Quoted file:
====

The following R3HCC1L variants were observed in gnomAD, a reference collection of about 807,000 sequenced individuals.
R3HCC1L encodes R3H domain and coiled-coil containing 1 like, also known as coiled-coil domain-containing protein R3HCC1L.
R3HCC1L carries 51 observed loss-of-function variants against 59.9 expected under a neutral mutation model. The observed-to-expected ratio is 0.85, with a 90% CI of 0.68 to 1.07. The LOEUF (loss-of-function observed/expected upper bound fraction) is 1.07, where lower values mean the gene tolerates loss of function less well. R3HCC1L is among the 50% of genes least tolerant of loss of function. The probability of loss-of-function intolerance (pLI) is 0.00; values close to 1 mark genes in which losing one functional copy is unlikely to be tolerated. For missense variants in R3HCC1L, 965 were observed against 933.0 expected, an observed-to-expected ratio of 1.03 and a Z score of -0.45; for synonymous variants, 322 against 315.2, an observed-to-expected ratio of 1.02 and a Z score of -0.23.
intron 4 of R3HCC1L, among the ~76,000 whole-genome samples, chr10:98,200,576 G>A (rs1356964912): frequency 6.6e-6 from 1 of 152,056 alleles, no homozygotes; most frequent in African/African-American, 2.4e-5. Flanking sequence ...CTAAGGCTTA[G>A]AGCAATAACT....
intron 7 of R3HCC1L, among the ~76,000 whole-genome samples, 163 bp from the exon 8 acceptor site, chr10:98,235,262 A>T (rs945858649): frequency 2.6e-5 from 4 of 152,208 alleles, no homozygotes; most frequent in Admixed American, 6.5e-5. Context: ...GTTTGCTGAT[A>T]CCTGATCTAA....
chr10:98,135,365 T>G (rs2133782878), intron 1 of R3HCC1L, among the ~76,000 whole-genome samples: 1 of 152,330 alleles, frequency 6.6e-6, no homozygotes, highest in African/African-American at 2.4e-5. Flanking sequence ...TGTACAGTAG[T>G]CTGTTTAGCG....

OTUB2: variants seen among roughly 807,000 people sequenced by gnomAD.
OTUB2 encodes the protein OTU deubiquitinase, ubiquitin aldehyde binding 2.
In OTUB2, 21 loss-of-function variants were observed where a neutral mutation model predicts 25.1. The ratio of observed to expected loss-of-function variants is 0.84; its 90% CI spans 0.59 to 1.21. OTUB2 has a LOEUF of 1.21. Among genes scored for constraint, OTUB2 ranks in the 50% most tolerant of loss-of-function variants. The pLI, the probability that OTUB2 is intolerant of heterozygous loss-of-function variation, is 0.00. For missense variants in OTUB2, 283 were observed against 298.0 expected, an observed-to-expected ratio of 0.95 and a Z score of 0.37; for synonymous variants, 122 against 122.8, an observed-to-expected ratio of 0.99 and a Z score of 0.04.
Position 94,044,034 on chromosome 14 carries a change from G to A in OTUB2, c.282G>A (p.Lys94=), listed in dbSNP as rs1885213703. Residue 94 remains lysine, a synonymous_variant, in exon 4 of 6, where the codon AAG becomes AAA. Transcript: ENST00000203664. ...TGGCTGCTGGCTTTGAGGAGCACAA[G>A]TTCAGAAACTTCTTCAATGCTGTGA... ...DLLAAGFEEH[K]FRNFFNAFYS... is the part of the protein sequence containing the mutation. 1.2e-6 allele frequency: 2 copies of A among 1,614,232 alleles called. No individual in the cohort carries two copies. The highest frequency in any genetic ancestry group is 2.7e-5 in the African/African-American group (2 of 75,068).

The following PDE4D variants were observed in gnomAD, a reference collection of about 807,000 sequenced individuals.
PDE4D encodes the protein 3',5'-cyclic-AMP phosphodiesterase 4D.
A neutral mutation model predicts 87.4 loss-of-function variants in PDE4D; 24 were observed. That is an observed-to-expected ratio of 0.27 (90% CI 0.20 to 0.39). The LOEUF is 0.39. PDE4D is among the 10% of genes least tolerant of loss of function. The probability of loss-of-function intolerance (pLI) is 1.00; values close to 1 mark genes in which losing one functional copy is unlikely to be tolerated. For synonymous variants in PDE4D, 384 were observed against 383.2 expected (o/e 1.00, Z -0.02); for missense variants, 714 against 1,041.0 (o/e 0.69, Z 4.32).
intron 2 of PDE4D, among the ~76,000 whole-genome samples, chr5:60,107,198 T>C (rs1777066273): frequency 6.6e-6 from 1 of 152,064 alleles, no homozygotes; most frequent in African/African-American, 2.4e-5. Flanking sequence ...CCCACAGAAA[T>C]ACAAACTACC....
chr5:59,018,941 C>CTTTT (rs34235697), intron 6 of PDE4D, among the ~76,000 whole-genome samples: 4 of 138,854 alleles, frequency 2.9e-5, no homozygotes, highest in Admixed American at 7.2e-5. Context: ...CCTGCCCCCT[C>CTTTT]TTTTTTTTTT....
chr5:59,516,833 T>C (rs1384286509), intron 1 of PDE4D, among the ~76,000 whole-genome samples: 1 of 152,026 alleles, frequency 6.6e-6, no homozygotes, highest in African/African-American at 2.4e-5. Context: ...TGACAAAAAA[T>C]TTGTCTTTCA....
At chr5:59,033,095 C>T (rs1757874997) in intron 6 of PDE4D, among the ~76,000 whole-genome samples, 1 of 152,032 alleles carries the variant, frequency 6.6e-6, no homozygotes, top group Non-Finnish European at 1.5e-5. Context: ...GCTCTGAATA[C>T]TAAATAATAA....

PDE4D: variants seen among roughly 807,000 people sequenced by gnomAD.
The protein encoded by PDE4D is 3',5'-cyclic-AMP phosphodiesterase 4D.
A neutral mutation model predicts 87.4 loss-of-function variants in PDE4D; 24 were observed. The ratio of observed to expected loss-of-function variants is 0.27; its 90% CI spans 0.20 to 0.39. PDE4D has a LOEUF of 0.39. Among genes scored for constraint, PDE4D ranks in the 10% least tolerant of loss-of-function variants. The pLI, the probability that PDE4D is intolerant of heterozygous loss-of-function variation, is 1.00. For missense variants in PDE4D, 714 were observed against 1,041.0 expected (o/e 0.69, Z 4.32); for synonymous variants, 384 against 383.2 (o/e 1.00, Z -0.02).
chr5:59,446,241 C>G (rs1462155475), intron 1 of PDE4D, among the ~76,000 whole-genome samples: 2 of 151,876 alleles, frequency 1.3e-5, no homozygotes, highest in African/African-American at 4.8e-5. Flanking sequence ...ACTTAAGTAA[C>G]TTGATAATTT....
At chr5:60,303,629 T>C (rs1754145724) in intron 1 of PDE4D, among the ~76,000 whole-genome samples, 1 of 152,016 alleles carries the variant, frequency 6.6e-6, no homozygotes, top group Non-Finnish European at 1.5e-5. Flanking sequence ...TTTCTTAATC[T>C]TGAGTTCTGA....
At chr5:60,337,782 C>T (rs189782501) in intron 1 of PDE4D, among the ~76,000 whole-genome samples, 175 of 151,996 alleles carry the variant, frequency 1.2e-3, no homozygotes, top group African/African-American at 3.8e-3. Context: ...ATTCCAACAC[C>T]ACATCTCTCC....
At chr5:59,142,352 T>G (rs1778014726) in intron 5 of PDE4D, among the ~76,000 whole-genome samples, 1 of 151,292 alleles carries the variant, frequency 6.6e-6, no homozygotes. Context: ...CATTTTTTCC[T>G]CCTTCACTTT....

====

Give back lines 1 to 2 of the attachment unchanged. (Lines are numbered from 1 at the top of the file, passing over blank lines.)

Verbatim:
The following R3HCC1L variants were observed in gnomAD, a reference collection of about 807,000 sequenced individuals.
R3HCC1L encodes R3H domain and coiled-coil containing 1 like, also known as coiled-coil domain-containing protein R3HCC1L.